At fifteen – with the ends of my hair wet from the toilet bowl, with my shoes worn through from pacing the neighborhood every afternoon, with my wallet filled with the lunch-money I wasn’t spending – I didn’t think about how my eating disorder would affect my life almost ten years later.
Why would I?
I wasn’t thinking any further ahead than my next goal weight, or the new hole I’d have to drill through the leather of my favorite belt. My future, and my future self, was irrelevant. Thinner was relevant – the only thing that was.
I’d be better, I thought, once I was thinner. I’d be able to focus more, once I wasn’t so heavy. When I couldn’t pinch the skin above my jeans between my fingers, I reasoned that I’d be able to concentrate on other things. Once my hip bones were a bit sharper, my collarbone a little more defined, my wrists smaller and my stomach flatter, I’d figure everything else out.
There was an elusive, permanently out-of-reach “afterwards” that I didn’t pay much attention to but always managed to push aside. I didn’t think of my eating disorder in permanent terms, or future terms. I believed I had things perfectly under control. I knew what I was doing, what I had to do, and I was doing it. I’d found something I was good at.
The problem with believing I ‘had it under control’ is that inevitably, my eating disorder began to control me. ‘Thinner’ is never-ending, and never, ever enough.
Instead of the elation I’d imagined at finally, finally seeing my Ultimate Goal Weight on the bathroom scales, I felt disappointed and uncomfortable. I stared at my reflection and saw everywhere that wasn’t thin enough – good enough – yet.
Then, a shiny new goal weight. A new exercise plan. A new calorie-counting paperback shoved in the bottom of my schoolbag. New restrictions and allowances.
I made new friends, online friends, in the forums and communities I became addicted to. I spoke to girls who understood what it felt like, to lay in bed until the early hours of the morning, fantasizing about food while our stomach’s seized and cramped. We bonded over “x amount of days fasting” and favorite binge foods, giving each other tips and tricks to avoid getting caught by suspicious relatives. A secret society of teenagers killing each other with support.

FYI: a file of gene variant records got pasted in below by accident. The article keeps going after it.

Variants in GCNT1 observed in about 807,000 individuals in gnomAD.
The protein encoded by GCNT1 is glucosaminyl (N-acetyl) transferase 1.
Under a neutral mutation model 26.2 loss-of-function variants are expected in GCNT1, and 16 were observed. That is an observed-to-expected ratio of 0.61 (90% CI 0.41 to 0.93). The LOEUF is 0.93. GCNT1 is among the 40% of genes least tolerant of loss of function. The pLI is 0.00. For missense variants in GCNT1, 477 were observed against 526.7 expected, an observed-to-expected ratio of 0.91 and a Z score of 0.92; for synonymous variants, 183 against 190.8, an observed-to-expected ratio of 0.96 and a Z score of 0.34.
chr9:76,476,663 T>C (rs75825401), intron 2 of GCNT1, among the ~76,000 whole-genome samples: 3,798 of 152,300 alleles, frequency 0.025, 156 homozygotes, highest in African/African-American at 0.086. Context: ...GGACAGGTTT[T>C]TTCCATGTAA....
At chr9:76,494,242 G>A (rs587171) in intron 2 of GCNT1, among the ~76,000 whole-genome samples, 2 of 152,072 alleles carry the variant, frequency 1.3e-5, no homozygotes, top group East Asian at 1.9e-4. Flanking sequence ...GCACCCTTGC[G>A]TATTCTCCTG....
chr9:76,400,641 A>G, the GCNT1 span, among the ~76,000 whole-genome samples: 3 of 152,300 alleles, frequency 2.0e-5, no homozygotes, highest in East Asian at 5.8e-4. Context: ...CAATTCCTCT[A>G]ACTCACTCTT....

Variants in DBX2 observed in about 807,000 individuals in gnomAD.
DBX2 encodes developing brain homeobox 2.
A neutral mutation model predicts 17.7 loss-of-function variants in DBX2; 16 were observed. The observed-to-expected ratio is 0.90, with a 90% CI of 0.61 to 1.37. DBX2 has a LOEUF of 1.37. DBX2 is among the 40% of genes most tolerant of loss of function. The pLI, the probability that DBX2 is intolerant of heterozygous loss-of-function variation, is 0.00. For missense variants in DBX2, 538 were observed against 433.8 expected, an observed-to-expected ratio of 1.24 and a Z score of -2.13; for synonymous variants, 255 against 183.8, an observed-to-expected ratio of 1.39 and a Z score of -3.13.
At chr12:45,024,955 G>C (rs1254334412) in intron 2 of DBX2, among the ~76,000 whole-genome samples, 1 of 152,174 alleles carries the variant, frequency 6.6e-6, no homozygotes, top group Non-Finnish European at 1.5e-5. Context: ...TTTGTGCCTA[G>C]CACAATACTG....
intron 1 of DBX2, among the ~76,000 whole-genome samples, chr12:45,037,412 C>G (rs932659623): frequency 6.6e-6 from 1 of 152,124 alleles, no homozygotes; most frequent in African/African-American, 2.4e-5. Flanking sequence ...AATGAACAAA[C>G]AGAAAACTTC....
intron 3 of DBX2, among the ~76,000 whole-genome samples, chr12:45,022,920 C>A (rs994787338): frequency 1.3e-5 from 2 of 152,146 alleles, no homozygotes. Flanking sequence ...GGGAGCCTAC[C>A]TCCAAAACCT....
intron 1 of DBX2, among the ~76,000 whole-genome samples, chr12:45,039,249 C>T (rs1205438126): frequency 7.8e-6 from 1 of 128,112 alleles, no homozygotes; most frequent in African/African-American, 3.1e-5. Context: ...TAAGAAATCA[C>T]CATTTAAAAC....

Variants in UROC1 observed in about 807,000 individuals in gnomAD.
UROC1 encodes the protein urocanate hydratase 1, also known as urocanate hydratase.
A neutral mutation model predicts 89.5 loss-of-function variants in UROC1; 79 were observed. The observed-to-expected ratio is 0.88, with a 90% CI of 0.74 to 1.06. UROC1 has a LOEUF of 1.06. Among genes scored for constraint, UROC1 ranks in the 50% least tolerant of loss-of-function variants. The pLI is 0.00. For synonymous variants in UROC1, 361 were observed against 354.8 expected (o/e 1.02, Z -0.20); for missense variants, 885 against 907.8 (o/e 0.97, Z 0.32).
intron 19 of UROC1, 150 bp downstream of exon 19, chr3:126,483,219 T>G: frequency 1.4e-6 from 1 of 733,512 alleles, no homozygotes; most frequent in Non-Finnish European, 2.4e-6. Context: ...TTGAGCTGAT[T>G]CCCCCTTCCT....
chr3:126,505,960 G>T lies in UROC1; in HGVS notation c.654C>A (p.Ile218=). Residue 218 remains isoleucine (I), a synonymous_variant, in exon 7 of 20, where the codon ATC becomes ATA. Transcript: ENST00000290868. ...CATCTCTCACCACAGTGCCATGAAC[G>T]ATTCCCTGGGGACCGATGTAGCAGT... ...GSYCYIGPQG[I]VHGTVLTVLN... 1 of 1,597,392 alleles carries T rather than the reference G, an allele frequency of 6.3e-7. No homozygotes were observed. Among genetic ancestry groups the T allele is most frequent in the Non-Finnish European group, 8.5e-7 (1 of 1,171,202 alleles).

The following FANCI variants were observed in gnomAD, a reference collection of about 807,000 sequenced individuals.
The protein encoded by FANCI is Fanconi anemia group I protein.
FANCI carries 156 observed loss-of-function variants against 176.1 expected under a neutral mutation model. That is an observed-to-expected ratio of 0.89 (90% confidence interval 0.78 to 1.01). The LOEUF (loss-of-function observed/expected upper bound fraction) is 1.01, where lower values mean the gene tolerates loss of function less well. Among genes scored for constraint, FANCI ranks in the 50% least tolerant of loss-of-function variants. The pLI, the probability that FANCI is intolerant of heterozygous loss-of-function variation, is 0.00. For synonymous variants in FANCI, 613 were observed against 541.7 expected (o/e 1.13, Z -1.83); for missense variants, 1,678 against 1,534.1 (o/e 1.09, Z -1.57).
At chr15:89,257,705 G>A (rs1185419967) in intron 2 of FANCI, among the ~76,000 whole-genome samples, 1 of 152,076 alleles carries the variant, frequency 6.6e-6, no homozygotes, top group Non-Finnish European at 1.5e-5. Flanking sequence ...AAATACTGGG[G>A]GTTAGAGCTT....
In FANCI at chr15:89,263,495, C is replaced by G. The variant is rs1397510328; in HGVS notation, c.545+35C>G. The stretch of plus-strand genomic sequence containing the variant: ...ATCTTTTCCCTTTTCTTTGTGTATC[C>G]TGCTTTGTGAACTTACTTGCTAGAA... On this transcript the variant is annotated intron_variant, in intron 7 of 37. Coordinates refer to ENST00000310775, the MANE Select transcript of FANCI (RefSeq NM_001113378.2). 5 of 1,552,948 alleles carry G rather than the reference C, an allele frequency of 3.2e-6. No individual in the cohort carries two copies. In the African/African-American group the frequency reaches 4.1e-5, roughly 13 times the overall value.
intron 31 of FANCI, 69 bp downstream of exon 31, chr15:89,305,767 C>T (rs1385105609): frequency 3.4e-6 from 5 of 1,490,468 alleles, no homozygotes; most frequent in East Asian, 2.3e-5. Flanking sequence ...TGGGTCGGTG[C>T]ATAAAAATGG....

“No food after eight p.m.” became “no food after seven,” became “no food after six,” and on and on. More sit-ups, more bottles of water, more movement, longer playlists for my afternoon walks.
Life rolled on. I got older, and in the years in which everything around me changed, I did not.
I remained there, stuck in a vicious, never-ending cycle of my own making. The numbers on the scale would fluctuate, and in the times I gained weight I’d convince myself that it was all behind me, now. I’d eat normally for a while, hating myself through every bite, weighing my body like religion, but I wasn’t thin so obviously, I wasn’t sick.
Until I got sick again, dropped dress sizes again, didn’t eat for three days again, and felt in control again. The older I got the less I thought about seeking help. Everything I’d read, everything I’d taught myself, left me with the belief that eating disorders are a teenager’s disease. Not for adults.
It’s not cute, when you’re twenty four and crying over a sandwich, or binging on a week’s worth of food in your own kitchen that you can’t afford to replace. Nobody swoops in to save you, to hover or pester you to eat, when you’re old enough that people expect you to have your shit together. Those helpful tips and tricks from years ago don’t matter when you have responsibilities and bills and plans and a life to sort through.
I’m twenty-four now, and I wish I’d asked for help a decade ago. I feel silly and embarrassed at the thought of admitting to somebody – anybody – that I don’t know how to eat properly; that this has gone on for so long that I doubt I’ll ever be normal again.
At fifteen, I thought I’d be better, once I was thinner. Now, I look back on the ten years of my life that I’ve wasted to this disease, and I think, better than what?